Published: 02/06/2005, Volume II5, No. 5958 Page 6 7 8
The Skills for Health standards ensure a well-qualified workforce but can also help managers anticipate future recruitment needs, reports Stuart Shepherd
Part of Skills for Health's work is to establish sets of national occupational standards for staff in all areas of the health service. These standards of competence describe what is required of an individual to achieve what is expected of them in their work.
Here we look at how Skills for Health has helped to implement some of the standards around the health service, in a variety of disciplines, and find out how organisations have benefited as a result.
Community health partnerships in Scotland
As part of a 2004 initiative to help the new community health partnerships mark out their function in health improvement, the Scottish Executive commissioned Skills for Health to develop a pilot programme. The work focused on UKwide occupational standards for the practice of public health.
Earlier the same year the executive had published statutory guidance on establishing community health partnerships as 'a key building block in the modernisation of NHS and joint services, with a vital role in partnership, integration and service design'.
Three principal fields of work have been designated as falling within the remit of the emerging community health partnerships (CHPs) - planning, service delivery and redesign, and health improvement. It was on the latter that the focal point of this pilot scheme concentrated.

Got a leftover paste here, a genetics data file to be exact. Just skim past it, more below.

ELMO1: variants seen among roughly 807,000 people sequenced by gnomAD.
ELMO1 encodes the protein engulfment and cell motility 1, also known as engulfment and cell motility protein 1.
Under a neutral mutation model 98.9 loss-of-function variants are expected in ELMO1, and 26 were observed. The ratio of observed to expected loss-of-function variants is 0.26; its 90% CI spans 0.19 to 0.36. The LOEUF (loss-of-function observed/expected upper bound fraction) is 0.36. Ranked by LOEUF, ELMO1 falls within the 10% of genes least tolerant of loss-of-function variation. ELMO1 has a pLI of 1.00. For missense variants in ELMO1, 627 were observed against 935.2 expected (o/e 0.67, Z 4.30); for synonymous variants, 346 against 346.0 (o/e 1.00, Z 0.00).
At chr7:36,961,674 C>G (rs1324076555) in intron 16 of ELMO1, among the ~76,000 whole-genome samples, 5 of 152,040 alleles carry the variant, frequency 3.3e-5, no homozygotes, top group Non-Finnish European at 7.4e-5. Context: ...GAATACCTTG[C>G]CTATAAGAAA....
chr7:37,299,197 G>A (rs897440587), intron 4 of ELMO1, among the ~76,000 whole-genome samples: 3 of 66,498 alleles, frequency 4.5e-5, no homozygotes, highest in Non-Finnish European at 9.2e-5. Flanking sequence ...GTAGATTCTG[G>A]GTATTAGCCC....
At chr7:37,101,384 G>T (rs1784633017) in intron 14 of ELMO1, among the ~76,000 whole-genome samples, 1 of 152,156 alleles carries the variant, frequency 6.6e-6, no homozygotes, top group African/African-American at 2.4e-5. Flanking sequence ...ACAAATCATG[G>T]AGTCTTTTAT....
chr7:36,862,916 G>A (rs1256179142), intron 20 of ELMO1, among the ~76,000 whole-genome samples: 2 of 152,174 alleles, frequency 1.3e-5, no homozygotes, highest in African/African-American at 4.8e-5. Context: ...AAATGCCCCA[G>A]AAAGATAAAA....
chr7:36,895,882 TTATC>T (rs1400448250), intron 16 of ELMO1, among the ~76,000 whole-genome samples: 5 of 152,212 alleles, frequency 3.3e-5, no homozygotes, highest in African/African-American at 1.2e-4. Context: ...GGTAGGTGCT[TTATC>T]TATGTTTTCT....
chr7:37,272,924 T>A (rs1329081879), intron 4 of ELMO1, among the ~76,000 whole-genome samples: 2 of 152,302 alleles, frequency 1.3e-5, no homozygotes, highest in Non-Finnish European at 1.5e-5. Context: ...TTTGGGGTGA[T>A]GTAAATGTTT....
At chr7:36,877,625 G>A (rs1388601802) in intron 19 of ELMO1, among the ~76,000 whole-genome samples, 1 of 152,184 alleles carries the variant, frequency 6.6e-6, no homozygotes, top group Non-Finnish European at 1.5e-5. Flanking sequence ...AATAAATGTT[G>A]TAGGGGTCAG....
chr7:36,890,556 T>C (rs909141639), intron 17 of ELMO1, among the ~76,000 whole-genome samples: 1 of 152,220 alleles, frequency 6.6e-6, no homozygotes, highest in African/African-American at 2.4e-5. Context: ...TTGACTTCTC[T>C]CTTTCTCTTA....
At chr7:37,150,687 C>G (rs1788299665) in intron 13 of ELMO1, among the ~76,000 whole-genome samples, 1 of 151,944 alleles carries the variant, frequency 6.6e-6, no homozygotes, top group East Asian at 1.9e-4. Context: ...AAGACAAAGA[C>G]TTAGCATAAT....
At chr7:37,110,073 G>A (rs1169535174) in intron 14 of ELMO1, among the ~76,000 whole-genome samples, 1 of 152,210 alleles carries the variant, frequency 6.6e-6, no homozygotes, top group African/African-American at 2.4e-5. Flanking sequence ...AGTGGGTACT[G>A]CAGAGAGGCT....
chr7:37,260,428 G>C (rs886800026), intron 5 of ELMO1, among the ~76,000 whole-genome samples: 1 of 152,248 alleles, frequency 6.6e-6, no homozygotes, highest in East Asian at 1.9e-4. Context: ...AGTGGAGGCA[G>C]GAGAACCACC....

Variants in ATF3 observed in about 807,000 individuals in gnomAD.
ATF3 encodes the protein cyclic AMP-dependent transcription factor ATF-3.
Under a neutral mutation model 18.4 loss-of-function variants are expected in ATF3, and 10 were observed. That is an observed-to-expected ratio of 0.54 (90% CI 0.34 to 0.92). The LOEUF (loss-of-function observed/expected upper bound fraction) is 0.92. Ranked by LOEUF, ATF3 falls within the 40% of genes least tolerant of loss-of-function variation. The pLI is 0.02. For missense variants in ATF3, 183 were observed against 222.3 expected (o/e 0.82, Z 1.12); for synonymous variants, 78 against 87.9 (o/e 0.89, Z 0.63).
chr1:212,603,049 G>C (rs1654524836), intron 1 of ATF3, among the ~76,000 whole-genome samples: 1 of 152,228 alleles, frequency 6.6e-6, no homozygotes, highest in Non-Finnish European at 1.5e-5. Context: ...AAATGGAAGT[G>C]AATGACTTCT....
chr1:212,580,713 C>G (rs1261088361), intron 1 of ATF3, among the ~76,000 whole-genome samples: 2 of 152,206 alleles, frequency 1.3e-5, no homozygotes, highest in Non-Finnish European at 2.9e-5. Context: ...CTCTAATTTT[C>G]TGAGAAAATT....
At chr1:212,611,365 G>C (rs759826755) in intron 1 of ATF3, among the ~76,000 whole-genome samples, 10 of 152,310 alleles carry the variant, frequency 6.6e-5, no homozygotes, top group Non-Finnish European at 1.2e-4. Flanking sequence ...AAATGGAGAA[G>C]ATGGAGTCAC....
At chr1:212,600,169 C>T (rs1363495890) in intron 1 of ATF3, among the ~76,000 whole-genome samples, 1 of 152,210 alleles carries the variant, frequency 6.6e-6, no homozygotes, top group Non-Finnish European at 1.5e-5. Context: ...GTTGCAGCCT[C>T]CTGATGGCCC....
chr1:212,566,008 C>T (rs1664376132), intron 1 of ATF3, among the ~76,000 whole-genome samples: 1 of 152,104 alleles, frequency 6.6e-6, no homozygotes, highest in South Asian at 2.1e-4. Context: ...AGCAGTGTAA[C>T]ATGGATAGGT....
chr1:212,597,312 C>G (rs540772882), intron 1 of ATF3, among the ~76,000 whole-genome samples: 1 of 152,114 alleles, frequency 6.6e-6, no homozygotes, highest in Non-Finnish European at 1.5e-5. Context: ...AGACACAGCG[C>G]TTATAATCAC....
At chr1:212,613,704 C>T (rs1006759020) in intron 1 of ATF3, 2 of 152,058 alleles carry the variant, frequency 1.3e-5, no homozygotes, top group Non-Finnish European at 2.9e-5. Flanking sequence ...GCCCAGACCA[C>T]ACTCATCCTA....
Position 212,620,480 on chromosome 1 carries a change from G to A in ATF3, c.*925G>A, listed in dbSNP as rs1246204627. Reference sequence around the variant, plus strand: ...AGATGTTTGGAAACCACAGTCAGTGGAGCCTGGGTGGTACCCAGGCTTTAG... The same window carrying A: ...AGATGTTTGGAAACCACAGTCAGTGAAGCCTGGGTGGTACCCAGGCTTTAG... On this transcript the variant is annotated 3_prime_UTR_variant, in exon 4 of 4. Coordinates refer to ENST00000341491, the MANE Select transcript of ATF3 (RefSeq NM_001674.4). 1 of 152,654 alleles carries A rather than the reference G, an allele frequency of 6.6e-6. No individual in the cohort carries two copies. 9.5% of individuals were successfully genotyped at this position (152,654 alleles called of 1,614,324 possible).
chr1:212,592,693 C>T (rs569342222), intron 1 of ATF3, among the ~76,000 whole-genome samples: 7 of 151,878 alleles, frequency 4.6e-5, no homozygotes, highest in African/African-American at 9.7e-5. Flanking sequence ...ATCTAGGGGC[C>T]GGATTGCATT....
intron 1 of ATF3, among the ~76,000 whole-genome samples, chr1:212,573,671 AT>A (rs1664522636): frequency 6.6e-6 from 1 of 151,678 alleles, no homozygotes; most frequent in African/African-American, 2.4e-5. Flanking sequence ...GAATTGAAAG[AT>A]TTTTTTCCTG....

The West Fife Local Healthcare Co-operative was chosen from a number of LHCCs that had already expressed an interest in being involved in the pilot.
West Fife joined forces with Skills for Health to test out, evaluate and improve the pilot programme for development as a resource pack for other emerging CHPs in Scotland. They had initial planning meetings, a 24-hour residential workshop and an outcomes group.
The workshop activities aimed to raise awareness of the culture and styles of working that facilitate health improvement. They also examined who the key partners in the new structures would be and how health improvement work might change.
West Fife public health consultant Margaret Hannah says: 'The Skills for Health framework provided a great opportunity for people from a wide range of agencies to develop a common understanding of what public health work is all about. People were really encouraged when they saw that the work they were doing was already making a contribution to the public's health.' Following the work, the pilot documents were modified into a resource pack that was distributed to all health board areas.
'The national occupational standards gave us an excellent framework on which to base our discussions, ' says Lyn Campbell, a West Fife public health practitioner. 'It meant that we were not floundering around with a blank sheet wondering where to start.'